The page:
Running 20 km through Baltimore County is daunting. Quiet roads weaving in and out of farms, through horse country, underneath the sunshine, is beautiful. It’s the perfect solitude built for a runner’s high. The wide-open roads make you feel fast – that is, until headwinds come rushing down the gently sloping green-grass hills, your average pace drops, and you realize you’ve got another 800 feet in elevation, another 10 km on the proverbial “long-road-ahead.”

Fighting a headwind and attempting to stay at tempo, my Garmin watch beeps (yells) at me – my average pace is no longer “tempo,” and my ego hurts. Strava will know I’m slow and I won’t be able to humblebrag to my followers with a revised “afternoon run” description. 

Like I said, “daunting.” 

The only thing keeping me going is the thought of an ice-cold beer and a solid post-run dinner, followed by a bottle of wine, while comfortably ensconced on a couch re-watching “Billions” season four, before the premier of season five on Sunday evening. 

Quarantine has been great for my training. I’m averaging 64 kilometers a week, and despite my obvious consumption (and love) of beer and wine – it’s not affecting my training or my fitness goals. Here’s why – 

A group of researchers got a bunch of athletes drunk and made them workout to test the results of alcohol consumption on strength and endurance activities. And, nothing really happened.

The athletes were given the equivalent of about six drinks and then tested for strength and endurance; before, during, and 24 and 48 hours after ingesting the alcohol. The researchers expected poor results; however, the alcohol had no observable effects. And, there was no increase in creatine kinase, which is a fancy way of saying there wasn’t any indication of muscle damage in the athletes.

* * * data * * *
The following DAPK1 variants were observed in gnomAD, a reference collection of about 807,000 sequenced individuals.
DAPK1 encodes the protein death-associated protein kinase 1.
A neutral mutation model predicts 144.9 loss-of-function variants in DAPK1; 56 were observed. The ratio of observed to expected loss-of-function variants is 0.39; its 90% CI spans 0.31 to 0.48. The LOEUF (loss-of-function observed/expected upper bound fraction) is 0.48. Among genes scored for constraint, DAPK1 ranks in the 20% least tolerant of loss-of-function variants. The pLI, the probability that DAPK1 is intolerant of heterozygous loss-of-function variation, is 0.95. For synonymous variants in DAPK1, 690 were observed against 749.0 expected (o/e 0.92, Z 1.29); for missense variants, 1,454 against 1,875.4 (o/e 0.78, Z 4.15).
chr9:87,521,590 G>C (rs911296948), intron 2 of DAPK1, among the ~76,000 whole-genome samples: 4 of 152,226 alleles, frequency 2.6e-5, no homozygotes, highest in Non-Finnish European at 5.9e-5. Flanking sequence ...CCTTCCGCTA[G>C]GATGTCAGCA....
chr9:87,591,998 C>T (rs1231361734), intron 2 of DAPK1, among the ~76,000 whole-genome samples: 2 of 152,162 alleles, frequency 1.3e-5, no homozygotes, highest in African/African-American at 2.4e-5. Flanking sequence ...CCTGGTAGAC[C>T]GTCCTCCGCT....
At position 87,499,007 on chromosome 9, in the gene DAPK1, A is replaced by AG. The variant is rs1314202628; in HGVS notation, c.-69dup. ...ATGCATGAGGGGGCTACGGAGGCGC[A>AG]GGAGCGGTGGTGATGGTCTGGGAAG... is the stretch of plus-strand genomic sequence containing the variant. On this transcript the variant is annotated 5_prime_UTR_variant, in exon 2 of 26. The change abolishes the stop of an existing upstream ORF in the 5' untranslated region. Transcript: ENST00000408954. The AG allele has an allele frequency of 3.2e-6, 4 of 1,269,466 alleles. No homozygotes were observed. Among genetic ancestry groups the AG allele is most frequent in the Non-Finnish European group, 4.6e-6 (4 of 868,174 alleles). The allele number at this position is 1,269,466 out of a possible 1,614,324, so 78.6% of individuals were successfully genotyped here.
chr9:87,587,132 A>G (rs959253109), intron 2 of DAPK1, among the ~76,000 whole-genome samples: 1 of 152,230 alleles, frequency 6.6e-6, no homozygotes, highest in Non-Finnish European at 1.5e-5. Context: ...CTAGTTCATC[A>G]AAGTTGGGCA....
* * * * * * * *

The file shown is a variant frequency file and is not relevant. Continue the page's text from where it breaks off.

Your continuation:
In another very similar study, athletes were given five drinks before exercise – the booze had no effect on isometric strength, muscle stiffness, muscle soreness, or creatine kinase. Compared to the study’s alcohol-free group there was no difference.

Here’s the interesting part of all this research: for endurance athletes, alcohol doesn’t seem to interfere with glycogen replenishment after depletion. That is super important when you consider running, swimming and cycling deplete an enormous amount of glycogen, especially if you’re a competitive endurance athlete with multiple events in one day or back-to-back days.  

One study gave endurance athletes the equivalent of 10 drinks following intense glycogen depleting workout. There was a statistically insignificant lag in glycogen re-synthesis at the eight-hour mark and none after 24 hours. 

I guess it’s encouraging to know that if a cyclist is dumb enough to slam down 10 drinks after a race when he knows he has another in eight hours, his body will still store enough energy to compete. Perhaps that’s why red wine is a staple at the team-dinner tables of most pro cycling teams?

guy drinking on the bike

So, what’s actually bad about alcohol and how will it negatively affect endurance training/competition?